Thursday, December 1, 2022

Can I quit my boring internship after two weeks?

I started a summer internship two weeks ago and it is not as advertised. I’m not being given anything meaningful to do, just menial tasks. I have the opportunity to get a lifeguard job for the summer, which pays more money. If I’m not going to learn anything, I might as well earn more and have fun. Would that look bad on a summary?

Is it dangerous to swim in shark-infested waters? Yes, it will look bad on a résumé, but if you quit after two weeks, then you shouldn’t bother putting that job on your résumé anyway. Before you do quit, bear in mind that many internships are what you make of them. Crush whatever they give you to do, have a great attitude, ask to do more and demonstrate initiative. It will be invaluable experience and presumably in the field that you seek as a profession. If you don’t want to do that and you want to quit, well, go ahead. There are a shortage of lifeguards and that looks good on a summary too. But lifeguards don’t stop swimming when the tide gets rough, and successful business people don’t quit either.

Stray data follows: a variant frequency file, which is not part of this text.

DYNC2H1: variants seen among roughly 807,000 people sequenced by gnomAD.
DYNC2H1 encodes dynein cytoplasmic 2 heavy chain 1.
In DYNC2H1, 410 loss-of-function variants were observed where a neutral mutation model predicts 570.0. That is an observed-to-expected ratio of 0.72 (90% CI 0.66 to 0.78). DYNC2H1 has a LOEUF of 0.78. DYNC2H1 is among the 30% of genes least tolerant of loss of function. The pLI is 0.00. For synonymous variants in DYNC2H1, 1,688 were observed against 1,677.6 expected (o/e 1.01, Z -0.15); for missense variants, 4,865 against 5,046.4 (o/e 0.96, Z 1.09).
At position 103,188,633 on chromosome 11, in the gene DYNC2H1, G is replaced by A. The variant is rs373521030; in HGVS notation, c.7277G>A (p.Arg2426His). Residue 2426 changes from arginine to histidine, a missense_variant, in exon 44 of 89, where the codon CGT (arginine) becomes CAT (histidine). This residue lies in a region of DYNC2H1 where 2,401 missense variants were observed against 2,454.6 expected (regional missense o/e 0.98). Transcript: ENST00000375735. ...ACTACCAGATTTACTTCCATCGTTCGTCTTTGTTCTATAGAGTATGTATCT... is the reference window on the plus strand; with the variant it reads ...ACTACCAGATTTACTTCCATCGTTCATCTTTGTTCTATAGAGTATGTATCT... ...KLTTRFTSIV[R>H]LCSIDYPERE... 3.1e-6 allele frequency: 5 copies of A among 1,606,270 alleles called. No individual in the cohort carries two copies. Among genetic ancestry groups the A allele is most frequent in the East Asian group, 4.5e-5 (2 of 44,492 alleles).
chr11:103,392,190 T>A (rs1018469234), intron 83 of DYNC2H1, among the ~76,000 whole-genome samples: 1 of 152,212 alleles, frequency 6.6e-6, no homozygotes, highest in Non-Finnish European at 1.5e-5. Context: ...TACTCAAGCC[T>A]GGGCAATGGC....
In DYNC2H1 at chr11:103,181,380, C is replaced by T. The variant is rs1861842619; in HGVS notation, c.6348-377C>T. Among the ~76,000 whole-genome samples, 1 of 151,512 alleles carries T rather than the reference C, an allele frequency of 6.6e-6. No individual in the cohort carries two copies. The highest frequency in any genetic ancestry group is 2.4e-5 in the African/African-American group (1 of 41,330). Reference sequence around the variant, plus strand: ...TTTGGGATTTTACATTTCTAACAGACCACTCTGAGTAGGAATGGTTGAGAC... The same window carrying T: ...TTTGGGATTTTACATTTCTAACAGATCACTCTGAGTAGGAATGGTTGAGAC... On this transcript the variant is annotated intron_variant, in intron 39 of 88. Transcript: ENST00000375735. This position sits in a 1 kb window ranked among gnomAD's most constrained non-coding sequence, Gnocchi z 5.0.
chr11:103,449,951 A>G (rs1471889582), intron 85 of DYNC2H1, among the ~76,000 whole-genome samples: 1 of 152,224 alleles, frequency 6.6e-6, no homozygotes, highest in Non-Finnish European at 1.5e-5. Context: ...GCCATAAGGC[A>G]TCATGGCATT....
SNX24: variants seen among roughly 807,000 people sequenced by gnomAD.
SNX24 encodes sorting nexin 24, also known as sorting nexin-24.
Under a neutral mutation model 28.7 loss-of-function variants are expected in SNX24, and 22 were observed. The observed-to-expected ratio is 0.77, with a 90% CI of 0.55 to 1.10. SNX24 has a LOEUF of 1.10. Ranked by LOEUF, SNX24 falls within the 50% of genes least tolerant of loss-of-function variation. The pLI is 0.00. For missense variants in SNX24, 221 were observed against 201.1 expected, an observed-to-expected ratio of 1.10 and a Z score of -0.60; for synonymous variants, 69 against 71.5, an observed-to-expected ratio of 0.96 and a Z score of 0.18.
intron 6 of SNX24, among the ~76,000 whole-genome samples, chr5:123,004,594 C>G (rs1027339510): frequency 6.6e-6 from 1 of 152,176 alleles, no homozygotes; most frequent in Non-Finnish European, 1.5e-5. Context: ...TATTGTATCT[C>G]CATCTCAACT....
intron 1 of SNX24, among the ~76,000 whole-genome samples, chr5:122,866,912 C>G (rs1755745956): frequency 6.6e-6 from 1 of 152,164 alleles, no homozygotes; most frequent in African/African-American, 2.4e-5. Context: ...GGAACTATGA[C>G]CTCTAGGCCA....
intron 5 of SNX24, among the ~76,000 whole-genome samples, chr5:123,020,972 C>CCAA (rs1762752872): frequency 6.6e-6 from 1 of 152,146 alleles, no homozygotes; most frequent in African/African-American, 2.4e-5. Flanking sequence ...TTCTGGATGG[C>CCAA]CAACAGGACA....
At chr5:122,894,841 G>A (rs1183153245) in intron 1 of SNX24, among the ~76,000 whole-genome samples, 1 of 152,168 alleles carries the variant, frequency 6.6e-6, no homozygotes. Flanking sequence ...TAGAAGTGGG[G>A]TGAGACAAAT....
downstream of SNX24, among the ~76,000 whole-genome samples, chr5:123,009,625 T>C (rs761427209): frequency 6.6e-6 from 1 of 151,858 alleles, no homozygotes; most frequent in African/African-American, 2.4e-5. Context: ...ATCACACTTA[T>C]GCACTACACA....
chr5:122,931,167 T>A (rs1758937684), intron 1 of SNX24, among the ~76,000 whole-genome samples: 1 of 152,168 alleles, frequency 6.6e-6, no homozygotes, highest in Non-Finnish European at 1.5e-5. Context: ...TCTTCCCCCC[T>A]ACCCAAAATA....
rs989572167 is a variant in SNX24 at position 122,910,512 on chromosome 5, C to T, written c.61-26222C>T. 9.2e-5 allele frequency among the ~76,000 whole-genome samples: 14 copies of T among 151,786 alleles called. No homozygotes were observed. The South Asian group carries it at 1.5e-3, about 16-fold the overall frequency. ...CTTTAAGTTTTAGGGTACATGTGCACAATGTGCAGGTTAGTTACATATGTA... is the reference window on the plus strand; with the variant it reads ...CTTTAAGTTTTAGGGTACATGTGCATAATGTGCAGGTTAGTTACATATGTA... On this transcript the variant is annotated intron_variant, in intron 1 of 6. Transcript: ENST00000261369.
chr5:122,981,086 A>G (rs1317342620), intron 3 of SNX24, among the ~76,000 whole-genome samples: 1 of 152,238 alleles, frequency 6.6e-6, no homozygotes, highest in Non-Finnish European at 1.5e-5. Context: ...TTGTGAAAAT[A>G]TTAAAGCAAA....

In June, it was Pride Month. Before that, it was mental health awareness, which followed Asian Pacific heritage. Personally, I’m fed up with my company telling me each month what I should believe in, or celebrate, or how to feel. Can I voice my opinion that I don’t wish to partake in their special events without risking my career?

July is National Ice Cream Month. Do you have something against ice cream too? If you don’t like the culture of your company or feel that they are trying to indoctrinate you or make you celebrate things that aren’t your values, you can do one of three things: speak up and try to change the culture, remain quiet and not participate, or leave. However, there is a big difference between a company that is taking a stance on a political issue and one that is celebrating and respecting humanity, cultures, different dimensions of diversity or well-being. You are very likely going to risk success by complaining about that at any company, and you may find it difficult to find happiness with any but the coldest organizations.

Gregory Giangrande has over 25 years of experience as a chief human resources executive. Hear Greg Weds. at 9:35 am on iHeartRadio 710 WOR with Len Berman and Michael Riedel. Email: Follow: and on Twitter: @GregGiangrande


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